Was the Treaty of Versailles a Success? Essay

982 Words Jan 13th, 2011 4 Pages
Was the Treaty of Versailles a success?

There are several ways in which the Treaty of Versailles was a success but there are also some which show it was a failure.
The treaty of Versailles was the peace settlement signed after World War One. The treaty was signed in Versailles Palace near Paris-hence its name-between Germany and its Allies. The three most important politicians were David Lloyd George (Britain), Georges Clemenceau (France) and Woodrow Wilson (USA) also known as ‘The Big Three’.
There were many territorial changes to Germany after the war, due to the treaty. The most relevant one was the decision to give Poland a coastline, the Polish Corridor. This was a piece of land running through the centre of Germany, splitting
…show more content…
John May hand Keynes said “This treaty threatens the health and prosperity of the Allies themselves. By making impossible demands it leaves Europe unsettled than it found it”.
Another term of the treaty was that the Germans had to reduce the size of their army and weaponry. This limited the army to just 100,000 of voluntary soldiers, and they also had to melt down their weapons, they were forbidden to use any sort of air forces too. This had the affect of making the Germans feeling angry and weak and thirsty for revenge. Also Germany was to pay £6.6 billion in damages which badly affected their economy.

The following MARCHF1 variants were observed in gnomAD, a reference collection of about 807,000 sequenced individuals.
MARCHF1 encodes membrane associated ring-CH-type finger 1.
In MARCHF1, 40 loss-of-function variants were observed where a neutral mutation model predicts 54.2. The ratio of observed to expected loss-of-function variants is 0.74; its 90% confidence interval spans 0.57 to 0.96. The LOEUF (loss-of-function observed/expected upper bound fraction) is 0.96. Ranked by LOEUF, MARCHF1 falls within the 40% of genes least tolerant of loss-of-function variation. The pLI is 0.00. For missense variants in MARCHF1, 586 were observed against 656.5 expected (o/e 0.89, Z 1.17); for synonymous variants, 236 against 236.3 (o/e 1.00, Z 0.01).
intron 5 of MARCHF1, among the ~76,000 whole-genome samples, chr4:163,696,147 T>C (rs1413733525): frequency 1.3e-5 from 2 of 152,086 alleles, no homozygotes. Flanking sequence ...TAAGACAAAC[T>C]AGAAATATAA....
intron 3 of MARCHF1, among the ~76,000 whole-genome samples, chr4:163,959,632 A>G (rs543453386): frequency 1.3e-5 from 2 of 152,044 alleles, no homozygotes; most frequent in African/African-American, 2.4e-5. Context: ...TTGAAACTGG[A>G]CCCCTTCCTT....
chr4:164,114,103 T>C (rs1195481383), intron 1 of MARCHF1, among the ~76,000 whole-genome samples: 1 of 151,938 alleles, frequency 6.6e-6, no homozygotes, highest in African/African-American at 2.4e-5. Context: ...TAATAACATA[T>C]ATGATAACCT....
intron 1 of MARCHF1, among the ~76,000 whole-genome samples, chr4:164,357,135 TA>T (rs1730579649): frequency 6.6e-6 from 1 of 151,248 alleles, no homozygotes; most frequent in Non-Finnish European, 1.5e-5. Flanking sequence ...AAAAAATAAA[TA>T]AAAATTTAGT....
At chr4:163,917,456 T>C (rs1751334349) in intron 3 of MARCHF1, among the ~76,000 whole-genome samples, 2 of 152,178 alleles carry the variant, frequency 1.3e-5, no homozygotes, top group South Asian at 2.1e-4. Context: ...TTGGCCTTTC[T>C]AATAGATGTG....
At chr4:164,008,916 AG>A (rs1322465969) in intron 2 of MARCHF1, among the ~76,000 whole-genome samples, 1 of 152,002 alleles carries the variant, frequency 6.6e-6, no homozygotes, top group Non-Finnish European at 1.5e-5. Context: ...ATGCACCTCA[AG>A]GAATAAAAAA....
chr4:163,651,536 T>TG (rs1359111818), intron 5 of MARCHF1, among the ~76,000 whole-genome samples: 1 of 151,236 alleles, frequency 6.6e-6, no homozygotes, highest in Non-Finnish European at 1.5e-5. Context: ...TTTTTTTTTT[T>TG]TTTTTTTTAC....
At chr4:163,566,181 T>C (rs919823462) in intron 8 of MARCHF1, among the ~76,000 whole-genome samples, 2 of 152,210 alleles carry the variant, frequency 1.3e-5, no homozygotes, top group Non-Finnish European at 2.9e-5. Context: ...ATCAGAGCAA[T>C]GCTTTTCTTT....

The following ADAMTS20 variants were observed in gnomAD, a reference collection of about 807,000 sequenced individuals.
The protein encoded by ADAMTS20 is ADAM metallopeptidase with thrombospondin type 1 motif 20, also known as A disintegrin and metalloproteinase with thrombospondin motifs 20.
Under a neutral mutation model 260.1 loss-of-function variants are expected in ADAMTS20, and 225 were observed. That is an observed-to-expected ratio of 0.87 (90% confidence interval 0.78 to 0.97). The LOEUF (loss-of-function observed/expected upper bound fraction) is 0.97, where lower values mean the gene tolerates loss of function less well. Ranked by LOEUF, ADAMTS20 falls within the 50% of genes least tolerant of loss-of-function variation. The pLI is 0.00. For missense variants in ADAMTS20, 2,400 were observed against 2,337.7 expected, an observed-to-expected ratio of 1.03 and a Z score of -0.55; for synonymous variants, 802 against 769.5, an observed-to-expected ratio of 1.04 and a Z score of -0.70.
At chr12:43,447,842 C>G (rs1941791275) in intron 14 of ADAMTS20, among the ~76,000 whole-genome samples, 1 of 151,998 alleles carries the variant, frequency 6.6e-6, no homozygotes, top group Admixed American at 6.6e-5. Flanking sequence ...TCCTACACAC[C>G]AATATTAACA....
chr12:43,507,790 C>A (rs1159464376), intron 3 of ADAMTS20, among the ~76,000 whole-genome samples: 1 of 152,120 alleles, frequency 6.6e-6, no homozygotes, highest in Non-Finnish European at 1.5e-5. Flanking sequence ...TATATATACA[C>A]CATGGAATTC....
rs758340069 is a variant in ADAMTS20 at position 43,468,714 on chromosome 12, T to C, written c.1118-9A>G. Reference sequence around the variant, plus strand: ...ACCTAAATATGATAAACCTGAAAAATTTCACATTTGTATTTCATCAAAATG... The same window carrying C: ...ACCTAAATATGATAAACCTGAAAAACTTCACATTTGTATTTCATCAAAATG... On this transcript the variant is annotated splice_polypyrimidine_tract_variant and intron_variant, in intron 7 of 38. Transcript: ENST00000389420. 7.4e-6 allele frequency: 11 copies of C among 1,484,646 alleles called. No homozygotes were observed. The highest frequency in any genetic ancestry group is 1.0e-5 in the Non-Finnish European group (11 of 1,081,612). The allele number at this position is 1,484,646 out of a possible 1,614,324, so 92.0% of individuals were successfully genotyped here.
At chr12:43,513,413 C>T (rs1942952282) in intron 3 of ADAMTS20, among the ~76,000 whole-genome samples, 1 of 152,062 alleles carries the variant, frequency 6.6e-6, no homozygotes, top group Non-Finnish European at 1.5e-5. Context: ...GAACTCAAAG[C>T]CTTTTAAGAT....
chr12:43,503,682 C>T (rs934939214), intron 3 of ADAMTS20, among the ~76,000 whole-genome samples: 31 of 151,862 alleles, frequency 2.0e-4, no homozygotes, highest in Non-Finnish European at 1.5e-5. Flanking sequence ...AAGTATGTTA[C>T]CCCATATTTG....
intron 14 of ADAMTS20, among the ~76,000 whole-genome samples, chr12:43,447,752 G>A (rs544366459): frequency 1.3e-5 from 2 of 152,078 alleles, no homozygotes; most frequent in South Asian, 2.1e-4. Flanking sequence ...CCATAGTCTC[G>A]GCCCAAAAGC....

Article 231, in the Treaty, is commonly known as the “Guilt Clause”. This said that the Germans were responsible for the whole of the War. The Germans had no say in anything and just had to keep quiet and take the blame for everything.
The treaty humiliated the Germans. The war-guilt clause forced Germany to accept sole responsibility for World War I. And although the German military had played a major role in igniting the war, other countries in Europe had been guilty of provoking political crises before the war too.
Another organisation which was also created, to prevent war, was the League of Nations. This consisted of a group of countries; the four most powerful countries that joined were Britain, France, Japan and Italy. Although the
Open Document